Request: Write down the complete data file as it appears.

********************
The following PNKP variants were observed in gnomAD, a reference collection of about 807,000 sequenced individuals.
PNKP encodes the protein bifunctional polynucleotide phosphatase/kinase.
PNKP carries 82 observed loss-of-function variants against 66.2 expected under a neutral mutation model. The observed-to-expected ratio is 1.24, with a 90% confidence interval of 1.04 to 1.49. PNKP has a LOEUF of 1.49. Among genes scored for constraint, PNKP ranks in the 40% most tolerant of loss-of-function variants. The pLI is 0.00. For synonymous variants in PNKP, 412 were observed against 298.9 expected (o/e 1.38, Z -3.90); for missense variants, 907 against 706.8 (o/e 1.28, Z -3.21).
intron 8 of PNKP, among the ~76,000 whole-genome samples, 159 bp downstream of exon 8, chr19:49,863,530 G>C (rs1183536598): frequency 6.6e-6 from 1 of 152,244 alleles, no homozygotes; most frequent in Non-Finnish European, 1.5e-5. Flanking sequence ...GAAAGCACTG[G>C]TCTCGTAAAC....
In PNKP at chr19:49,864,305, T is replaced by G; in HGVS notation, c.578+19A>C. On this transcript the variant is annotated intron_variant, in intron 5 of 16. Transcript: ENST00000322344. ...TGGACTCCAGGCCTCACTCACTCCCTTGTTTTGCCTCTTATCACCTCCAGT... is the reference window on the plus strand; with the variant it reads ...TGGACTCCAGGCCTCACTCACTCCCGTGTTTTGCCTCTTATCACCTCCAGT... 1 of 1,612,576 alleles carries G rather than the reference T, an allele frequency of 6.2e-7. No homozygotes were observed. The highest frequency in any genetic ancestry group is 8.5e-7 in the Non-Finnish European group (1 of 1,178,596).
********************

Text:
The following PNKP variants were observed in gnomAD, a reference collection of about 807,000 sequenced individuals.
PNKP encodes the protein bifunctional polynucleotide phosphatase/kinase.
PNKP carries 82 observed loss-of-function variants against 66.2 expected under a neutral mutation model. The observed-to-expected ratio is 1.24, with a 90% confidence interval of 1.04 to 1.49. PNKP has a LOEUF of 1.49. Among genes scored for constraint, PNKP ranks in the 40% most tolerant of loss-of-function variants. The pLI is 0.00. For synonymous variants in PNKP, 412 were observed against 298.9 expected (o/e 1.38, Z -3.90); for missense variants, 907 against 706.8 (o/e 1.28, Z -3.21).
intron 8 of PNKP, among the ~76,000 whole-genome samples, 159 bp downstream of exon 8, chr19:49,863,530 G>C (rs1183536598): frequency 6.6e-6 from 1 of 152,244 alleles, no homozygotes; most frequent in Non-Finnish European, 1.5e-5. Flanking sequence ...GAAAGCACTG[G>C]TCTCGTAAAC....
In PNKP at chr19:49,864,305, T is replaced by G; in HGVS notation, c.578+19A>C. On this transcript the variant is annotated intron_variant, in intron 5 of 16. Transcript: ENST00000322344. ...TGGACTCCAGGCCTCACTCACTCCCTTGTTTTGCCTCTTATCACCTCCAGT... is the reference window on the plus strand; with the variant it reads ...TGGACTCCAGGCCTCACTCACTCCCGTGTTTTGCCTCTTATCACCTCCAGT... 1 of 1,612,576 alleles carries G rather than the reference T, an allele frequency of 6.2e-7. No homozygotes were observed. The highest frequency in any genetic ancestry group is 8.5e-7 in the Non-Finnish European group (1 of 1,178,596).